We really can’t wait for development to eliminate the differences in health resources. I think there’s an enormous imperative for developing resource-stratified or resource level-adapted treatments that can extend the benefits of this unbelievable oncology revolution that I’ve witnessed over the past quarter century to the 90 percent plus of the world’s population who don’t have access to that yet. We can take advantage of technologies that can be implemented in the field in a way that doesn't rely on highly centralized health systems, that are resource replete and deliver sophisticated medical care in settings that we’ve never been able to touch before.
I think it will require just basically getting people to explicitly ask themselves: “Okay, here’s something that we can do here. The mechanisms by which this works are X, Y, and Z. How can we take that principle, the operative mechanisms, and develop resource appropriate implementations that will be useful and cost effective in a low-resource setting?” I hope to push my colleagues to think about how what they produce might be applicable to a low resource setting and I want to emphasize that.
Can you talk about how partnerships, in addition to funding, will be essential to the success of the Global Oncology Program?
Partnerships is a very high priority and something that, when I assumed this job, I was asked to pursue quite explicitly. There’s enormous potential for partnerships with pharmaceutical manufacturers to work collaboratively to increase the availability of current generation of state-of-the-art anticancer drugs and agents in areas where the medicines available now are just the legacy medicines we’ve had for 50 years. Immunotherapy drugs are probably the best example.
One of the most interesting developments in this oncologic revolution that I’ve witnessed over the past 20 years has been drugs that somehow exploit the immune system in their mechanisms of efficacy. There are two drugs we spend most of our drug cancer dollars on here every year: Rituximab and Trastuzumab, which is otherwise known as Herceptin. These drugs have transformed the treatment of B cell lymphoma and breast cancer, and the impact of that is impossible to quantify. But those drugs are not widely available in low-income countries. They’re very hard to come by in Uganda, for example, and across sub-Saharan Africa.
One email I just sent was to Roche, the parent company for Genentech, to talk about their sponsoring a trial of a subcutaneous formulation of Rituximab that we could use for lymphoma patients at the Uganda Cancer Institute. Partnerships of that nature are something we would very much like to cultivate and nurture. And I think they have enormous potential to improve cancer care in all low- and middle-income countries.
In sub-Saharan Africa, we’re in negotiations with Merck - at least we’ve had conversations with them - to explore use of one of their monoclonal antibodies that have a different mechanism of action. The drug is called Pembrolizumab, and it works basically by taking the brakes off the immune system. Those types of drugs, immune checkpoint inhibitors, have been licensed for I think eight different cancers now, and counting. They’re effective in all kinds of cancers that have largely been difficult to treat with chemotherapy before, such as non-small cell lung cancer and bladder cancer and melanoma. But in general, they’re very expensive drugs. So partnering with pharmaceuticals to make it possible to make these drugs available for use in low- and middle-income countries is something we’re very much interested in.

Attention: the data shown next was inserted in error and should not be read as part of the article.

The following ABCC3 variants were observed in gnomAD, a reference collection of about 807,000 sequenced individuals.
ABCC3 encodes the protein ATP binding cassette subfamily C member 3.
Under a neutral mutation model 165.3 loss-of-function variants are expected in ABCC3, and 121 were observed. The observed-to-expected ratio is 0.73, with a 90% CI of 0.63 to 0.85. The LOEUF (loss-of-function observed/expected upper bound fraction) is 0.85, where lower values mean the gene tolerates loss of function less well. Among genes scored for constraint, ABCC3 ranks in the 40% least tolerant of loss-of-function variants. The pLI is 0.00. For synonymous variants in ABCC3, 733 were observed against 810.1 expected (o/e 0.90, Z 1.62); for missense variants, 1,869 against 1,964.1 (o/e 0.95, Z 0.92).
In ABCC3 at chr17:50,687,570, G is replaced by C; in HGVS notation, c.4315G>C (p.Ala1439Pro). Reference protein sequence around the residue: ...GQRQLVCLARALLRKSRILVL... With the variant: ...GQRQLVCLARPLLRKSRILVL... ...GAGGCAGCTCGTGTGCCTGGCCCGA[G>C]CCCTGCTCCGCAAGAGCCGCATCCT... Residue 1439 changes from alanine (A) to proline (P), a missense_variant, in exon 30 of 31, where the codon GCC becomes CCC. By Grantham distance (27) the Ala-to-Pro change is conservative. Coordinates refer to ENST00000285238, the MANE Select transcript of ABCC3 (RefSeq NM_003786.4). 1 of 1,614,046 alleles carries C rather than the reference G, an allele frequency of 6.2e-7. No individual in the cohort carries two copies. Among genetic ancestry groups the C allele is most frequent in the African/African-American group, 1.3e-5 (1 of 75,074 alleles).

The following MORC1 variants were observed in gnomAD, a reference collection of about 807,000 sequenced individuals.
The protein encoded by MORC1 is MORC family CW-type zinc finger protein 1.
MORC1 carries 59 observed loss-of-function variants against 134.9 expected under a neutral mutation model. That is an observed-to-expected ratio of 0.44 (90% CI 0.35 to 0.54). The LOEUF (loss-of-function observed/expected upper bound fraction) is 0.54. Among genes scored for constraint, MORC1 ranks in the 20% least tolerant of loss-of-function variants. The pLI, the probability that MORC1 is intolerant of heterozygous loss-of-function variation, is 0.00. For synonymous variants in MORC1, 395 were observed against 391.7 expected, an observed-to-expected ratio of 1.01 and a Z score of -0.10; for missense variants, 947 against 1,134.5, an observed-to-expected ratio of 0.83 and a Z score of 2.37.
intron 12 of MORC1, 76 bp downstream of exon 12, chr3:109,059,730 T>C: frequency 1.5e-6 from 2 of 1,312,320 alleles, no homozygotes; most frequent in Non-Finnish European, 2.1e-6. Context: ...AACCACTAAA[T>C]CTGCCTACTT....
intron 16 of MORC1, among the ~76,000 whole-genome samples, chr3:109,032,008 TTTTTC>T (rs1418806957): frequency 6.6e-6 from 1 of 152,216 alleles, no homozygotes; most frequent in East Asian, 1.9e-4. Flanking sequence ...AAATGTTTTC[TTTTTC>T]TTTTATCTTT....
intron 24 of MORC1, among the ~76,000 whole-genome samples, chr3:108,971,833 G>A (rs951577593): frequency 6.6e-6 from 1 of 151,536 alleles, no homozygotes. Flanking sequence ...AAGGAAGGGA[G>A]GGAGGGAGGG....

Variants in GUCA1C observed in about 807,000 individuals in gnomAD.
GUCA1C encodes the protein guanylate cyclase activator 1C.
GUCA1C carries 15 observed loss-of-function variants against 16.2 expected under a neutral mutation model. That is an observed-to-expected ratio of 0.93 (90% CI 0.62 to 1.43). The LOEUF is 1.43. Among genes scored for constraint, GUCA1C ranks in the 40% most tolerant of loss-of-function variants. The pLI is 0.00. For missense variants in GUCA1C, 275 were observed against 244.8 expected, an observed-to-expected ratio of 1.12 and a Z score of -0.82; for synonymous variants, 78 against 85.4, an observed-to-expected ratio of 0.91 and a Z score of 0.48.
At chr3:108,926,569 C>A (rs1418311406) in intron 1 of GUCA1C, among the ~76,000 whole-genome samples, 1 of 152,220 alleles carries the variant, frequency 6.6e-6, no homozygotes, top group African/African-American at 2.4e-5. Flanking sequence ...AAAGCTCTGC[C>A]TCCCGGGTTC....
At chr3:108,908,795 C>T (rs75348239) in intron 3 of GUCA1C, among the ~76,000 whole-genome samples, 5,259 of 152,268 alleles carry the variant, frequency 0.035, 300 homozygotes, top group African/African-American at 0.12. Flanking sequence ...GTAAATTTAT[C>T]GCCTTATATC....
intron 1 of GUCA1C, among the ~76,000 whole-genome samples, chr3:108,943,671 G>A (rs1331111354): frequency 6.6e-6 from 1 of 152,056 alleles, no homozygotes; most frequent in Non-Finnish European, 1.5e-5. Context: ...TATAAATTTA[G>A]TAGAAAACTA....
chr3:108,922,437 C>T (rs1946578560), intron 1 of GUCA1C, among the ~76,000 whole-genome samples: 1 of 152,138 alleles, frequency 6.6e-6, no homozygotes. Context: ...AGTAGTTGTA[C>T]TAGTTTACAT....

We don’t have agreements yet but we’d love to pursue agreements because we think these drugs would have terrific value in settings such as Uganda and sub-Saharan Africa and elsewhere.
I know you’re often traveling back and forth between Kampala, Uganda and Seattle, Washington. The China Initiative is also a priority. Can you talk about how you plan to balance your time between the Global Oncology program’s work in Uganda, China, and elsewhere?
“We don’t claim to be everywhere. But what we want to do is research with global impact. And that’s the important thing. We want our research to be cutting edge and innovative and have global impact.”— Dr. Edus Houston Warren, head of global oncology at the Fred Hutchinson Cancer Research Center
Most of our global oncology efforts are now based in Uganda. We built a beautiful 25,000 square foot building in collaboration with the Uganda Cancer Institute and so our global oncology activities are dominated by this collaboration we established 10 years ago. But we’re exploring research opportunities elsewhere for a number of different reasons.
Fred Hutch has collaborated with Chinese medical researchers for decades and the reasons for that are numerous, one of which is China’s vast population. It also has an interesting blend of advanced urban and poor rural areas. They have growing investment in and political will for biomedical and public health research. The Fred Hutch launched a collaboration in 2010 with the Chinese Center for Disease Control and Prevention. The focus of that was on infection associated cancers, environmental health, cancer biomarkers.
And we hope that segment of our activities will grow. One out of every 6 people walking on the planet is in China. There’s 1.4 billion chinese and 7.5 billion people on the planet. And so I think there is enormous scientific possibility and potential in oncology research that we can do in collaboration with Chinese scientists and investigators.
We don’t have a global footprint. We don’t claim to be everywhere. But what we want to do is research with global impact. And that’s the important thing. We want our research to be cutting edge and innovative and have global impact.
That’s how I’m moving forward in pursuing our studies and that’s the way I want to lead our global oncology program. We want to address the problems and principles that may be applicable to one malignancy in one location but will be more broadly applicable to other malignancies that are common in different settings. We really want to emphasize global impact. That's my credo.
Update, June 26, 2017: This article has been updated to clarify that Fred Hutch does not yet have agreements with Merck and Roche.